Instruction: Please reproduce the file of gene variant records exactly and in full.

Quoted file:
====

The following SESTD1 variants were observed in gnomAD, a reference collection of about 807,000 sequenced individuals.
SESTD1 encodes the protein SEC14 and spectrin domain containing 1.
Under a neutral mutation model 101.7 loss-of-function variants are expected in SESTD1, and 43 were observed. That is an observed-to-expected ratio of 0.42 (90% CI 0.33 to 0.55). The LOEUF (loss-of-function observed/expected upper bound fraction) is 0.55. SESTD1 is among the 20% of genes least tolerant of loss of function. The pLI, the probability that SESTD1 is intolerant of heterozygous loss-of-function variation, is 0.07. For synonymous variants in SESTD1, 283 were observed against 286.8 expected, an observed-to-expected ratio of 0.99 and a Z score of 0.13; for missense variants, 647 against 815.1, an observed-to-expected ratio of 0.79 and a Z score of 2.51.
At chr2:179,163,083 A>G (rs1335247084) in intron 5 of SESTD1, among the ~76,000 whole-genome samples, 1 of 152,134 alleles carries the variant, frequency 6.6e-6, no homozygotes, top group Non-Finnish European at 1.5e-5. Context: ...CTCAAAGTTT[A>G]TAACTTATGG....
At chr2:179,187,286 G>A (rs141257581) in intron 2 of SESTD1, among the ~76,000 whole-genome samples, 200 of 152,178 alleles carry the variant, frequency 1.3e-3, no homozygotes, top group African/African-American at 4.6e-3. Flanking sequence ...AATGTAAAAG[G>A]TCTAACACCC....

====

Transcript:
The following SESTD1 variants were observed in gnomAD, a reference collection of about 807,000 sequenced individuals.
SESTD1 encodes the protein SEC14 and spectrin domain containing 1.
Under a neutral mutation model 101.7 loss-of-function variants are expected in SESTD1, and 43 were observed. That is an observed-to-expected ratio of 0.42 (90% CI 0.33 to 0.55). The LOEUF (loss-of-function observed/expected upper bound fraction) is 0.55. SESTD1 is among the 20% of genes least tolerant of loss of function. The pLI, the probability that SESTD1 is intolerant of heterozygous loss-of-function variation, is 0.07. For synonymous variants in SESTD1, 283 were observed against 286.8 expected, an observed-to-expected ratio of 0.99 and a Z score of 0.13; for missense variants, 647 against 815.1, an observed-to-expected ratio of 0.79 and a Z score of 2.51.
At chr2:179,163,083 A>G (rs1335247084) in intron 5 of SESTD1, among the ~76,000 whole-genome samples, 1 of 152,134 alleles carries the variant, frequency 6.6e-6, no homozygotes, top group Non-Finnish European at 1.5e-5. Context: ...CTCAAAGTTT[A>G]TAACTTATGG....
At chr2:179,187,286 G>A (rs141257581) in intron 2 of SESTD1, among the ~76,000 whole-genome samples, 200 of 152,178 alleles carry the variant, frequency 1.3e-3, no homozygotes, top group African/African-American at 4.6e-3. Flanking sequence ...AATGTAAAAG[G>A]TCTAACACCC....